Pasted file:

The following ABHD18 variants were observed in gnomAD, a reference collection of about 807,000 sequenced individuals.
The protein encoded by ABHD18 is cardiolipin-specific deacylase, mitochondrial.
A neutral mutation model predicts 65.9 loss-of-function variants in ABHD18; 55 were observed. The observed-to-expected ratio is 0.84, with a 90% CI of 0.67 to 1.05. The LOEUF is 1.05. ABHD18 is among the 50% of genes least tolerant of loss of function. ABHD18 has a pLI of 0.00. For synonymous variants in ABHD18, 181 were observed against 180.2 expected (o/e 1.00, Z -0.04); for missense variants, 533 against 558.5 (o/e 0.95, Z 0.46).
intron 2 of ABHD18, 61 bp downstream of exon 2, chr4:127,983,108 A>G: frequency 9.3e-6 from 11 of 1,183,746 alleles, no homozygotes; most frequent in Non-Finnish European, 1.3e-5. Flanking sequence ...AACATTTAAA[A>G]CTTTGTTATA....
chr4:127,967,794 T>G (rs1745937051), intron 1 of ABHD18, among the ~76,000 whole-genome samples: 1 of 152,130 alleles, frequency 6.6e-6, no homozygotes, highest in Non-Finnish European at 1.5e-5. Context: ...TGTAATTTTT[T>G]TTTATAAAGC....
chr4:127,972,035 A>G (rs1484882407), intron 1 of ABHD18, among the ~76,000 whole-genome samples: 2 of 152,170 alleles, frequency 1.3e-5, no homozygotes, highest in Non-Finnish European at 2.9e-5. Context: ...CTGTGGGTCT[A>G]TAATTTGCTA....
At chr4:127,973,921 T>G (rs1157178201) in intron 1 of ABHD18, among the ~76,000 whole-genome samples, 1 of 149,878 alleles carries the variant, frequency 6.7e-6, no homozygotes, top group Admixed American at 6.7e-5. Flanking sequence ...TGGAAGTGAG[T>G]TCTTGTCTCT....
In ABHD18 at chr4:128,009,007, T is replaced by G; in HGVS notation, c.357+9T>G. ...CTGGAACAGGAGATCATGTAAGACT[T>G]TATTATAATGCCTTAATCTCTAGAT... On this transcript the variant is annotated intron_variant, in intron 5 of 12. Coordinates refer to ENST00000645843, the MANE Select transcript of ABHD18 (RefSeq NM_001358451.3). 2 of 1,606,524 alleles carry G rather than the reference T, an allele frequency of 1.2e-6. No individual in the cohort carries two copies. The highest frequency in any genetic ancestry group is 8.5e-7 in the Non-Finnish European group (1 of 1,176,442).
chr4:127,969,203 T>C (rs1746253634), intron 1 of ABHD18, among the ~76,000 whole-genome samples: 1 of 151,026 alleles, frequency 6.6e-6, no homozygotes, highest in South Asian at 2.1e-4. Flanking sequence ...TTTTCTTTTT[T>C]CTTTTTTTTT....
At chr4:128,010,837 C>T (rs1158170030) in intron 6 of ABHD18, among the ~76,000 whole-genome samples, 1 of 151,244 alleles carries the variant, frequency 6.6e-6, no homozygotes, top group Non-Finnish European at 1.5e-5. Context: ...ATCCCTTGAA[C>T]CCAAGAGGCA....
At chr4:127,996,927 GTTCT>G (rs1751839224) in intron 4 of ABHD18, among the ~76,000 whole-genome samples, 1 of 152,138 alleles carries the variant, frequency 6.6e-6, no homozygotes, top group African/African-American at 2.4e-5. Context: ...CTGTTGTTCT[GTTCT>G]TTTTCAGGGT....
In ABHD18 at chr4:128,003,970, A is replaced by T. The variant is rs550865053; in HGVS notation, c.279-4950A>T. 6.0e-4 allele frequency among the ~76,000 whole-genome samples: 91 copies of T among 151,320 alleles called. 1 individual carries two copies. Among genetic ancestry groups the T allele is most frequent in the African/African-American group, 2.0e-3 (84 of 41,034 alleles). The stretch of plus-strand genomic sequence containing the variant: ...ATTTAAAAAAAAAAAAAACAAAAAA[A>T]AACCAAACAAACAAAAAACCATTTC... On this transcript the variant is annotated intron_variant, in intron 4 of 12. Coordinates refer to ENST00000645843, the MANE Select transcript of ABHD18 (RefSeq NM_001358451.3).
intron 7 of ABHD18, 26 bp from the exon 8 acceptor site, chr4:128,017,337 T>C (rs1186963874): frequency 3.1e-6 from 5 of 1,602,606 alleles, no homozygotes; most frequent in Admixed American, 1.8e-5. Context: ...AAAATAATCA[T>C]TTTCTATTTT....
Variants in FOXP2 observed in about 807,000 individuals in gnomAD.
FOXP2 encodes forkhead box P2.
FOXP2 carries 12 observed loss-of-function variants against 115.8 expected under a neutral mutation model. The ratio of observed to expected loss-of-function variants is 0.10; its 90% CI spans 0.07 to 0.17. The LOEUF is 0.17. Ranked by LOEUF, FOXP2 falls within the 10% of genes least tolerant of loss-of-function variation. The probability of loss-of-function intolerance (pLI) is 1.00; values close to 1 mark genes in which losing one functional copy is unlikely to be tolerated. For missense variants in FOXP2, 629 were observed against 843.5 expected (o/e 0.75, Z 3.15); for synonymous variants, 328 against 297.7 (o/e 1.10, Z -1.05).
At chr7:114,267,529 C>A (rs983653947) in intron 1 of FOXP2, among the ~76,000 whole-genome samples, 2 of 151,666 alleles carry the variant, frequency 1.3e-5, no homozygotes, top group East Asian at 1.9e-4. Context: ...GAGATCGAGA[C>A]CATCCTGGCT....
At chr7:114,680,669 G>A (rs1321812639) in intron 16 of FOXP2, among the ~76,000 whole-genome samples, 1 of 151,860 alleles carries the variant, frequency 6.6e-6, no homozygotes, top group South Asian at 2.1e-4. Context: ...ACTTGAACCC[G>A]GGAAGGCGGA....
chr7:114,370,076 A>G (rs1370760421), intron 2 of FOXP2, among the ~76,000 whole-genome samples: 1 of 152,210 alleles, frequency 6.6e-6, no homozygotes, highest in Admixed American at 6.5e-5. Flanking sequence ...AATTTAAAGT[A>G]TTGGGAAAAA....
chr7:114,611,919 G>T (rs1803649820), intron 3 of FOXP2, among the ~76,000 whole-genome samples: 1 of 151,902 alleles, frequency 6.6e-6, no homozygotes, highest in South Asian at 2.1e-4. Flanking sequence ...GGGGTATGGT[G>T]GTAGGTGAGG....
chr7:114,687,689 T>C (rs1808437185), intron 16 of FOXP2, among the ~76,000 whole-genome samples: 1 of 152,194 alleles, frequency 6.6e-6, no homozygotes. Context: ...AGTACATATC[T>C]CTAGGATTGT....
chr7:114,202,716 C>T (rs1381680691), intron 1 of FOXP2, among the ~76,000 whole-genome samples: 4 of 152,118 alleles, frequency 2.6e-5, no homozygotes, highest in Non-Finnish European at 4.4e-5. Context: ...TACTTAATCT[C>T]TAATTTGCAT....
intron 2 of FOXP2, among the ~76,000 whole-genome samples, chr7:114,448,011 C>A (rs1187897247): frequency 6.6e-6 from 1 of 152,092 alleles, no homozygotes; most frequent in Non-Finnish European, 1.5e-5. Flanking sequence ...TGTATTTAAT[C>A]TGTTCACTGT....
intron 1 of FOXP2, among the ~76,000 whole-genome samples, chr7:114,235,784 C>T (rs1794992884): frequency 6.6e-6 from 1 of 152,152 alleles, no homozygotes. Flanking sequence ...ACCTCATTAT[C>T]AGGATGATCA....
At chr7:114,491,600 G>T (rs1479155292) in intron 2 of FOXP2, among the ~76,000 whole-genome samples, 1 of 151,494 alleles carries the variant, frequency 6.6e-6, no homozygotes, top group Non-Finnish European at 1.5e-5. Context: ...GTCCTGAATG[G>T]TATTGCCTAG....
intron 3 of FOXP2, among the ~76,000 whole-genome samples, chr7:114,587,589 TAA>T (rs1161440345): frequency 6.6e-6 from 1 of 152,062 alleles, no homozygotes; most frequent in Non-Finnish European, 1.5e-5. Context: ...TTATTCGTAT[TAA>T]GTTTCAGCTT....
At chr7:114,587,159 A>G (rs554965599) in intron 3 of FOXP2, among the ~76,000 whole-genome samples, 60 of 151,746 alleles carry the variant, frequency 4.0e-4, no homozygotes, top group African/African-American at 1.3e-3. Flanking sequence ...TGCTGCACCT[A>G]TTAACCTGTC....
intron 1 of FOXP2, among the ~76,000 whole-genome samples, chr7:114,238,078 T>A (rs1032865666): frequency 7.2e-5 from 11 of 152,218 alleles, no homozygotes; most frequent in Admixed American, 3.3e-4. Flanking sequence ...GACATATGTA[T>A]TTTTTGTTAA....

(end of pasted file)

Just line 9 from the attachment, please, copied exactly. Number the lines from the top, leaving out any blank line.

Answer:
chr4:127,969,203 T>C (rs1746253634), intron 1 of ABHD18, among the ~76,000 whole-genome samples: 1 of 151,026 alleles, frequency 6.6e-6, no homozygotes, highest in South Asian at 2.1e-4. Flanking sequence ...TTTTCTTTTT[T>C]CTTTTTTTTT....